The Art House Beat: Grant Morrison and Secret Monsters at Grand Illusion
The Sci-Fi Saturday Secret Matinee (Grand Illusion, Every Saturday at 2pm from Jan. 8 to March 26)
The most fun I had at the movies in 2010 was at the Grand Illusion’s Halloween triple features. The titles were a secret, and half the fun was not knowing what you were going to see. When we go to the movies today, we often know so much about the picture that seeing it is anti-climactic. But in the old days, when people just went to the movies to go to the movies, what was showing was secondary to the experience itself. We were surprised at what popped out of the screen at us, be it a monster, an Elvis, a sex kitten or a Chicago gangster.
When you first start going to the movies, the titles are nearly meaningless. At most, they give you a sense of the type of picture you are going to see, be it musical, western, or science-fiction. Soon you get wise to the difference between a Hammer film and one sporting the American International logo, and eventually the world is divided between the Merchant/Ivory crowd and those who prefer Martin Scorsese.
Before the free advance screenings of new movies became an institution, movies were given what they called “sneak previews.” Attendees had no idea what they were going to see, so their reaction was untainted by expectations. I saw “Blazing Saddles” at a midnight sneak preview without any pre-knowledge of anything, not even the name of the movie. The titles came on, with Frankie Laine singing a corny theme song, and it looked like we were in for an old-fashioned western. Some cowboys, bossing a gang of black laborers who were laying railroad track, asked the workers to sing a black work song. They complied with a greasy rendition of Cole Porter’s “I Get a Kick Out of You.” Had I known this was a comedy, I would not have found it funny. But I was so taken by surprise that I was in hysterics the whole movie, thinking it the funniest thing I had ever seen in my life. When the director’s next movie, Young Frankenstein,” came out, I sat there stern-faced from beginning to end. It wasn’t that the jokes were no good. On the contrary, the movie was everything one could hope for from a parody of Frankenstein. Which meant it only met expectations.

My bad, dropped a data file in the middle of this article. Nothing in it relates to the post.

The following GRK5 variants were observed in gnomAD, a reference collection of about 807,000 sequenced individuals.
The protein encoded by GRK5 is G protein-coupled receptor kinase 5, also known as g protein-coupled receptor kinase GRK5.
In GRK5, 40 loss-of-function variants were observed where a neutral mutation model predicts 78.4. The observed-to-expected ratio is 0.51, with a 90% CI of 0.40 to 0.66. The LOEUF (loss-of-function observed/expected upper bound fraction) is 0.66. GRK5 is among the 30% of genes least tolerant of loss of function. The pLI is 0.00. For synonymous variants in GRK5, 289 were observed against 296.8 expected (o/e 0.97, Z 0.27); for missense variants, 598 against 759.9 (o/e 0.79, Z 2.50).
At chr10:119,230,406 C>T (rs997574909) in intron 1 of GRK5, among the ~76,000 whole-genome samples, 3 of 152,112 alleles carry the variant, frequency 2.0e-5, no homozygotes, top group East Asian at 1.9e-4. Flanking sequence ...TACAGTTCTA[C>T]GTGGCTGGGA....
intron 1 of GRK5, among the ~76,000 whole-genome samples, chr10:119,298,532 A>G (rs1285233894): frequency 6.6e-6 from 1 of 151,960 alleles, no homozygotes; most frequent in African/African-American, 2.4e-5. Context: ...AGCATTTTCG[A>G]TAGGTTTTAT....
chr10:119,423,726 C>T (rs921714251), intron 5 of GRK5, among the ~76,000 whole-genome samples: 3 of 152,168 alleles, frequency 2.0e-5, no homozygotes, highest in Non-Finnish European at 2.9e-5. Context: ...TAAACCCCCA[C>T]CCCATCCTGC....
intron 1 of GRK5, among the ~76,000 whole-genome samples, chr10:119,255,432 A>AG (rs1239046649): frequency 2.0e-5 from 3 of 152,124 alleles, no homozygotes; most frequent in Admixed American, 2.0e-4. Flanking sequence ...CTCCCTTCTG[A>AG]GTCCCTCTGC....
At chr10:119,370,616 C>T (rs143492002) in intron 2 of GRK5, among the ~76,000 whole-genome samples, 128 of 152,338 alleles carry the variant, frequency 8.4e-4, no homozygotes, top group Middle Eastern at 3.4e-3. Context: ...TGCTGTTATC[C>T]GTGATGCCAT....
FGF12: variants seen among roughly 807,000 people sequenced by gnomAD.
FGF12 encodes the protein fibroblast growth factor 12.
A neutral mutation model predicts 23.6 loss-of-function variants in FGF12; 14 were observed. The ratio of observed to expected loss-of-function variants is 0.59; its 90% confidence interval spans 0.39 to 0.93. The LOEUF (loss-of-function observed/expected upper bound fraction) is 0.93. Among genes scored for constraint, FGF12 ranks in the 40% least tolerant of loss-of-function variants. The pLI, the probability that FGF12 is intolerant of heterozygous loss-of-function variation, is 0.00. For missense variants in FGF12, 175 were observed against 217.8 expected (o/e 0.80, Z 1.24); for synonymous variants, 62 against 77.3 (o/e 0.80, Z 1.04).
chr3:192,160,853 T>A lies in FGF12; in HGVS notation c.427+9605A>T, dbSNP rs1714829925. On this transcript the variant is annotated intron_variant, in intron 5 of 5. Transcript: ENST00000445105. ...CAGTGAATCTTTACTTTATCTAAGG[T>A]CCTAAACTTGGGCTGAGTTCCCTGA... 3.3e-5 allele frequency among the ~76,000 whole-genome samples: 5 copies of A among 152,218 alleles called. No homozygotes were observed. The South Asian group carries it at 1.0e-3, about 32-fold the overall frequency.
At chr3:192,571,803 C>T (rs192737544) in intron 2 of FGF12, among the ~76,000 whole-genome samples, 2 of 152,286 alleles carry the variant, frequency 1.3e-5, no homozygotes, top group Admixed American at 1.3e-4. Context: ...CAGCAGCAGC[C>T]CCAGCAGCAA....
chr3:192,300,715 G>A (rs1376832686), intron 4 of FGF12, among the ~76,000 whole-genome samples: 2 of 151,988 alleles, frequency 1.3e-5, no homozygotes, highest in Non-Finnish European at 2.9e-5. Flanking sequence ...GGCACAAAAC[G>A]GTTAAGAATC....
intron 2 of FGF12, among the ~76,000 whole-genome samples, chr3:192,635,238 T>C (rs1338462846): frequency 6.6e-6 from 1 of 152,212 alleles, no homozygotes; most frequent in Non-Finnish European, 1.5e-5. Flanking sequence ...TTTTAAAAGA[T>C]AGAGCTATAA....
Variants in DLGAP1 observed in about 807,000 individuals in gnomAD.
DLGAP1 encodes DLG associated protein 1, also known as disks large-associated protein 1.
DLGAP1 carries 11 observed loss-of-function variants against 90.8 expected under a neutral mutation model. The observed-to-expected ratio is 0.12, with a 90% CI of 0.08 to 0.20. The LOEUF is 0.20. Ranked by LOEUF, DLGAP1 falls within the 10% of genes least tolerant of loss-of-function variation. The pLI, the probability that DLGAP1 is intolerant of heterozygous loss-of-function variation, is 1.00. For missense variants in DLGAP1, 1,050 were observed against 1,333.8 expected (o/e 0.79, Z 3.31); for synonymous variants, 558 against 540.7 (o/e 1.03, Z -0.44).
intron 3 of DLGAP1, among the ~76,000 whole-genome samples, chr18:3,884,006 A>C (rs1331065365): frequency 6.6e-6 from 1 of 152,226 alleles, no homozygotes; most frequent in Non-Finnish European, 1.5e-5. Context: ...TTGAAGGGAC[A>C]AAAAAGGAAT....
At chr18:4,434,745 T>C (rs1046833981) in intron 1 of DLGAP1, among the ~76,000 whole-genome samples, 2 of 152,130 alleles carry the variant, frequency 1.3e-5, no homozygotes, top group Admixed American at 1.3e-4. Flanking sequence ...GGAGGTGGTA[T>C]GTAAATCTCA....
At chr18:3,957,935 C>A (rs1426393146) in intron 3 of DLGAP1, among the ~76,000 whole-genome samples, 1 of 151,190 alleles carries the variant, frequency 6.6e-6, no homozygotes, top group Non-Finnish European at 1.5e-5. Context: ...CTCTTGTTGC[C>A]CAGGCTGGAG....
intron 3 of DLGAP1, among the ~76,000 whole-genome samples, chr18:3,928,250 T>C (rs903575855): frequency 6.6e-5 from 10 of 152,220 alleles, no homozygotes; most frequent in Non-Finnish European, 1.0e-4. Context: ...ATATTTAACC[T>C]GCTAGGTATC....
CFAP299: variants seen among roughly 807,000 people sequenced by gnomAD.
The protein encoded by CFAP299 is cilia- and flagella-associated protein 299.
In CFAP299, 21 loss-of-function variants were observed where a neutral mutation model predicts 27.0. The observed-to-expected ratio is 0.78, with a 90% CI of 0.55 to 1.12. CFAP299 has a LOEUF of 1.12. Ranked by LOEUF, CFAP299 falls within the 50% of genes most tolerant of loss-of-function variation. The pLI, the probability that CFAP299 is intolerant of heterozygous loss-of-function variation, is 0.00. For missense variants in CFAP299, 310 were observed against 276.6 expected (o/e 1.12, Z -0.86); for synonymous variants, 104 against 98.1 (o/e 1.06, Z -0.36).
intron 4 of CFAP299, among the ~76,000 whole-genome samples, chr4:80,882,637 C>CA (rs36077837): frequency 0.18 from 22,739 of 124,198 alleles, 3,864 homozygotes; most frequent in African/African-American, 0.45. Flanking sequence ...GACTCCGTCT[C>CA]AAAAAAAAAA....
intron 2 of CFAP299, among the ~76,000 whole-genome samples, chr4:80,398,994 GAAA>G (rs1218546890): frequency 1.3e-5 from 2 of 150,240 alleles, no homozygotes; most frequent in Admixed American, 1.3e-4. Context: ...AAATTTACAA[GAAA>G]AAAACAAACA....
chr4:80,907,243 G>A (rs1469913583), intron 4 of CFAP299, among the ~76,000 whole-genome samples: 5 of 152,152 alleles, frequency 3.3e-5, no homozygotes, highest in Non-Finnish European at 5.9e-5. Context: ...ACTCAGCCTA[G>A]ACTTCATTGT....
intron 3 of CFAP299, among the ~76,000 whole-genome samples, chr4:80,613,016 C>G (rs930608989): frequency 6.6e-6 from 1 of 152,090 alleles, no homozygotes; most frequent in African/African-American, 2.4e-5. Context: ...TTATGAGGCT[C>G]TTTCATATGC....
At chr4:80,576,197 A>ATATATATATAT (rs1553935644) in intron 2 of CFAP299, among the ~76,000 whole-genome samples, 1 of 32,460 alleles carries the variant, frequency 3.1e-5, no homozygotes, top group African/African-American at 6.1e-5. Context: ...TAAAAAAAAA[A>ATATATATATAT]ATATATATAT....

Which is just to say that these Saturday afternoons at the Grand Illusion should bring back the fun of going to movies without expectations. Just get your ticket, go inside, and enjoy an old –fashioned Saturday afternoon at the movies.
In January: cower before Japanese Giants!
In February: marvel at Weird Worlds!
In March: boggle at Crazy Creatures!
Monthly pass: $24 general / $15 members
Entire series pass: $64 general / $40 members
Grant Morrison: Talking With Gods (Grand Illusion, Jan 7-13)
I would never have guessed that the most inspirational picture on the state of the creative imagination in the 21st Century would be a documentary on a guy who writes comic books. My own experience with this literary substratum was limited to an indecisiveness regarding the relative appeal of Betty versus Veronica in a social world in which all three guys, Archie, Reggie, and Jughead, were creeps. For Grant Morrison, comic books were an alternative to world annihilation, a way of surmounting and derailing the inevitable catastrophe of nuclear war. His own work is fueled by a belief in magic as a means of supplanting negative reality with the manifestation of one’s own wishes. He has succeeded in developing the super heroes of his childhood into literary characters with depth and substance, placing them into a cosmos that rivals that of Philip K. Dick for its view of human perception as a stack of reality pancakes that has been befuddled by too many broken egg yolks.
“Grant Morrison: Talking with Gods” is an 80 minute monologue punctuated with comments from the peanut gallery, most of whom have good things to say about their friend and associate. Morrison is an incessant talker who can’t talk fast enough to get all his ideas out. He is charismatic in a way that makes the audience feel like they are doing half the thinking. “Tell me what happened to you and I’ll tell you what happened to me and if they are they same thing, we might get somewhere,” he says, or something very like it, which is not only the starting point of communication, but the basis for the literary conversation that crosses the sea of centuries every time a reader and an author connect. There is something timeless and universal in Morrison’s shamanistic role-playing. And, although I haven’t picked up a comic since Archie disappeared, this movie makes me want to go right out and get whatever I can find of Morrison’s, from The Invisibles to his new tales of Superman.
PostGlobe relies on your donations. Please support this writer’s work by going to our donate page and let us know where you’d like your donation to go.